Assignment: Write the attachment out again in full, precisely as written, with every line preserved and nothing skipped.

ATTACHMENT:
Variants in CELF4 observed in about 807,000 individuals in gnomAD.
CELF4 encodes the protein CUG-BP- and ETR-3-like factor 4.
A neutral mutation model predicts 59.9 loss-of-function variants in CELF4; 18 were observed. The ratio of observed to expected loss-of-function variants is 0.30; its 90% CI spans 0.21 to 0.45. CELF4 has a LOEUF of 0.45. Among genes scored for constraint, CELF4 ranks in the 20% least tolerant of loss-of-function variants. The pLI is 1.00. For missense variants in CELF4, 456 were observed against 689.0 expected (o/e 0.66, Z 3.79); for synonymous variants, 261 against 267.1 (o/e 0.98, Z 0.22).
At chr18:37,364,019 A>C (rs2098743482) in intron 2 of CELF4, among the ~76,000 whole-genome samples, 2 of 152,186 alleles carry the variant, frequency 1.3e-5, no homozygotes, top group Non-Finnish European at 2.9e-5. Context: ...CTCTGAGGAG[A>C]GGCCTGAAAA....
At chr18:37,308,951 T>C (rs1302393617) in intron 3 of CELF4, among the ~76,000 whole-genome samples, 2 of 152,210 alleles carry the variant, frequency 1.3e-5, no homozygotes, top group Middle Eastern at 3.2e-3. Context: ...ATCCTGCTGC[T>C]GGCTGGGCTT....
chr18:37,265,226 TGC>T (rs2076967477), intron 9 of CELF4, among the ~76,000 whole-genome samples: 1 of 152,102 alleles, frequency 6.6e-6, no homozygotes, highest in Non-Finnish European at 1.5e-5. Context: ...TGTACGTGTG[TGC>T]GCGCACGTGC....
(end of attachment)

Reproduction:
Variants in CELF4 observed in about 807,000 individuals in gnomAD.
CELF4 encodes the protein CUG-BP- and ETR-3-like factor 4.
A neutral mutation model predicts 59.9 loss-of-function variants in CELF4; 18 were observed. The ratio of observed to expected loss-of-function variants is 0.30; its 90% CI spans 0.21 to 0.45. CELF4 has a LOEUF of 0.45. Among genes scored for constraint, CELF4 ranks in the 20% least tolerant of loss-of-function variants. The pLI is 1.00. For missense variants in CELF4, 456 were observed against 689.0 expected (o/e 0.66, Z 3.79); for synonymous variants, 261 against 267.1 (o/e 0.98, Z 0.22).
At chr18:37,364,019 A>C (rs2098743482) in intron 2 of CELF4, among the ~76,000 whole-genome samples, 2 of 152,186 alleles carry the variant, frequency 1.3e-5, no homozygotes, top group Non-Finnish European at 2.9e-5. Context: ...CTCTGAGGAG[A>C]GGCCTGAAAA....
At chr18:37,308,951 T>C (rs1302393617) in intron 3 of CELF4, among the ~76,000 whole-genome samples, 2 of 152,210 alleles carry the variant, frequency 1.3e-5, no homozygotes, top group Middle Eastern at 3.2e-3. Context: ...ATCCTGCTGC[T>C]GGCTGGGCTT....
chr18:37,265,226 TGC>T (rs2076967477), intron 9 of CELF4, among the ~76,000 whole-genome samples: 1 of 152,102 alleles, frequency 6.6e-6, no homozygotes, highest in Non-Finnish European at 1.5e-5. Context: ...TGTACGTGTG[TGC>T]GCGCACGTGC....